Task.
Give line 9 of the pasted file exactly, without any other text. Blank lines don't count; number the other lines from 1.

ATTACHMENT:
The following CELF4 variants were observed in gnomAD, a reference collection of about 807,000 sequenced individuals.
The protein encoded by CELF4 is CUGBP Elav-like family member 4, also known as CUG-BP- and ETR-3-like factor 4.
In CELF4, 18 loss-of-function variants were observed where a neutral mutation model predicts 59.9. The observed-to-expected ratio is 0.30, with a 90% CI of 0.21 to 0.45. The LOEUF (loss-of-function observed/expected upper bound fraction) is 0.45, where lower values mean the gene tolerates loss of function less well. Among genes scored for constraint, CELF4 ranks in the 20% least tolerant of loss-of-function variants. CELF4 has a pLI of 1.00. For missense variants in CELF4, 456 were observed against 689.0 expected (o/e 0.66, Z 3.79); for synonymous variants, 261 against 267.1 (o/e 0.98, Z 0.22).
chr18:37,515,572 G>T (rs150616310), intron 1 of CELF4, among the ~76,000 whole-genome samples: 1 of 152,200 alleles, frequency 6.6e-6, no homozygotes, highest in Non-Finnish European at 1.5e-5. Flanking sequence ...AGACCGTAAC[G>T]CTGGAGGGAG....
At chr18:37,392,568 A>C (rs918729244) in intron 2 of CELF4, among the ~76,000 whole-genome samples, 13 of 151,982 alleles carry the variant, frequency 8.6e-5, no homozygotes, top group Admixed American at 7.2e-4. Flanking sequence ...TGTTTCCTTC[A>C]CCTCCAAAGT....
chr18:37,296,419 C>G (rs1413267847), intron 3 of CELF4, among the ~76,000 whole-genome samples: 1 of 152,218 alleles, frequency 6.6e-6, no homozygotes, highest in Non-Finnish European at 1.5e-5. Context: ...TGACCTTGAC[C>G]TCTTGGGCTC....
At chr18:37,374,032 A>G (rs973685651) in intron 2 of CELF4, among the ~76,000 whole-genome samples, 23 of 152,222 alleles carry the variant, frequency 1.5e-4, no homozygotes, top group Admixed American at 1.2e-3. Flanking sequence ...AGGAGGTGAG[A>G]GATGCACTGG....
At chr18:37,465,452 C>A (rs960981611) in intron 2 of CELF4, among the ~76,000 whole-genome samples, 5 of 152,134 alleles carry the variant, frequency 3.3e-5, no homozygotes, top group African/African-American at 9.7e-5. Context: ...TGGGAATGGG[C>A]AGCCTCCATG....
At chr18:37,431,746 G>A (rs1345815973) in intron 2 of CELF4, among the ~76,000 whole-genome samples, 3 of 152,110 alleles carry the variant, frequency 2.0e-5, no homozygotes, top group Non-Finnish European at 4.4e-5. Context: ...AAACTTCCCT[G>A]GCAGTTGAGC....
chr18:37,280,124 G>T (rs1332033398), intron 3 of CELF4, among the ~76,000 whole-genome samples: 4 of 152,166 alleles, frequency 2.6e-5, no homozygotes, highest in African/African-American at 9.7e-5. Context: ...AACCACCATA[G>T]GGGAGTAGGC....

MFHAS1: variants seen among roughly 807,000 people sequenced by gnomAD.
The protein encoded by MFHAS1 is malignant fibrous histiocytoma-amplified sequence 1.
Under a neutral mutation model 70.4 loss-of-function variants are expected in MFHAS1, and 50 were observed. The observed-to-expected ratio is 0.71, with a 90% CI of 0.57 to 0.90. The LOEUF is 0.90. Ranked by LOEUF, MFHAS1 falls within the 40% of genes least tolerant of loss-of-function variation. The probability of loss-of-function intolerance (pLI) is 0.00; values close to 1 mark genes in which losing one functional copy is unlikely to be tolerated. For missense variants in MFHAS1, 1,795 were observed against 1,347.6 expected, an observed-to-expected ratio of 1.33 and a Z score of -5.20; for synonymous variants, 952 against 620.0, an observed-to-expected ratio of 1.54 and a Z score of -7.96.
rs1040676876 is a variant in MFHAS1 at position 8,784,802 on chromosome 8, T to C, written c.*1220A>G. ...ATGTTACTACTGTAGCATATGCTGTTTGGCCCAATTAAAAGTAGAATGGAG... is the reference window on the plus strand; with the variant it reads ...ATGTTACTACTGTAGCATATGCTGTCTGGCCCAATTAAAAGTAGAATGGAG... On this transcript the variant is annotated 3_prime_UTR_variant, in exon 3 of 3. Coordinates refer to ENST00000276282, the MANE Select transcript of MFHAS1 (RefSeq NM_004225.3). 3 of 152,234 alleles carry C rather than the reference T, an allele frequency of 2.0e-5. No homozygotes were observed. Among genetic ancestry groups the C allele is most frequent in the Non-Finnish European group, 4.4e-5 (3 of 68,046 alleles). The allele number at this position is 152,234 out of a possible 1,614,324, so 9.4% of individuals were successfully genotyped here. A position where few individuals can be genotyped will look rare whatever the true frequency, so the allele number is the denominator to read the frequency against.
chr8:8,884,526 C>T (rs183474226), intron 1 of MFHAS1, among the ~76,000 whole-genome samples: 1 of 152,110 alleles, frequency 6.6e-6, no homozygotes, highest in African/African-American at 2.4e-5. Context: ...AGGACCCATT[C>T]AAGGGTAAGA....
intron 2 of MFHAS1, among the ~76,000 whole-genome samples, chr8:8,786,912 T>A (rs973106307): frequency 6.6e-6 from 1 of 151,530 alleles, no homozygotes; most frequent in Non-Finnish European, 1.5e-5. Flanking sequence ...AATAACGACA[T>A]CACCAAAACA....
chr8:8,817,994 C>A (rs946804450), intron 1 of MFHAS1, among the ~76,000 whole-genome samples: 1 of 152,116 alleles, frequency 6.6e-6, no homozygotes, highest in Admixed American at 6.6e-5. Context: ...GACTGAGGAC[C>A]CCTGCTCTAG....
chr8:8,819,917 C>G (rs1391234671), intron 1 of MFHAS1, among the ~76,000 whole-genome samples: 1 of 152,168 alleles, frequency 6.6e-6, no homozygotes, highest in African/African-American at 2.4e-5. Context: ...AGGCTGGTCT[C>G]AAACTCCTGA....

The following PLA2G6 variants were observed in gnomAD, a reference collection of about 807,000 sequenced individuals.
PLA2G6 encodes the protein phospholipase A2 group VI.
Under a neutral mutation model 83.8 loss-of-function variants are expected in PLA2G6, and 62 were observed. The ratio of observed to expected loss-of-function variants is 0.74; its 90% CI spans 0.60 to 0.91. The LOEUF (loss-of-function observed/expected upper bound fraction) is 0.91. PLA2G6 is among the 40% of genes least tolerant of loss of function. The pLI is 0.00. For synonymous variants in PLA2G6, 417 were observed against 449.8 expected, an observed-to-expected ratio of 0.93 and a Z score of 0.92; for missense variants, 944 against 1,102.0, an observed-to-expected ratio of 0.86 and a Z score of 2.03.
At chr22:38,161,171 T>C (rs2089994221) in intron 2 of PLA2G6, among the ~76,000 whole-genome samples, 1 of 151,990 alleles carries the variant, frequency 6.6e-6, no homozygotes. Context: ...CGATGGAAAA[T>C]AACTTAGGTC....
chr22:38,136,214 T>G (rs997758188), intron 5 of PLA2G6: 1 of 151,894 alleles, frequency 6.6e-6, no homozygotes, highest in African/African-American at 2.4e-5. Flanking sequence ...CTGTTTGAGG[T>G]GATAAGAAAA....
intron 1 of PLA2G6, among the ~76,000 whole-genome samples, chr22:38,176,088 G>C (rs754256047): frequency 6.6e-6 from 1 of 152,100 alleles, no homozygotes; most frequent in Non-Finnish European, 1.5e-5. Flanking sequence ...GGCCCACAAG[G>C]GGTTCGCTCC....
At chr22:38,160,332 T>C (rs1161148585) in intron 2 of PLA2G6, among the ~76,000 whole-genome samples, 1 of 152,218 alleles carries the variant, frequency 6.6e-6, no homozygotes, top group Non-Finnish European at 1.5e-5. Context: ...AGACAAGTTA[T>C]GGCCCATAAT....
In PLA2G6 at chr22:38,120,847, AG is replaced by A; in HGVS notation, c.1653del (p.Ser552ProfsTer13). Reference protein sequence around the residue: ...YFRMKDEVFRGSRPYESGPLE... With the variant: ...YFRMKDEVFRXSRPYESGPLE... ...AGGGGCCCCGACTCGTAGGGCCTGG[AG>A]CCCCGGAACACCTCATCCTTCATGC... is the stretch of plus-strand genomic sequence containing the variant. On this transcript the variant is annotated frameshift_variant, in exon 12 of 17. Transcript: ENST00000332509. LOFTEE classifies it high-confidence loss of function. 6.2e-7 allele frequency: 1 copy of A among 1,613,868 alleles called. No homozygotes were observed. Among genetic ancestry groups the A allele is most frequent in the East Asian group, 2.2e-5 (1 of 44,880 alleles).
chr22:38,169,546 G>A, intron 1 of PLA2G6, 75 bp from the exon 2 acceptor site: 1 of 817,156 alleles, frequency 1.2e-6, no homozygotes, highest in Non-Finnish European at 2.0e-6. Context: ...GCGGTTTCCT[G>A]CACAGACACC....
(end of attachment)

At chr18:37,431,746 G>A (rs1345815973) in intron 2 of CELF4, among the ~76,000 whole-genome samples, 3 of 152,110 alleles carry the variant, frequency 2.0e-5, no homozygotes, top group Non-Finnish European at 4.4e-5. Context: ...AAACTTCCCT[G>A]GCAGTTGAGC....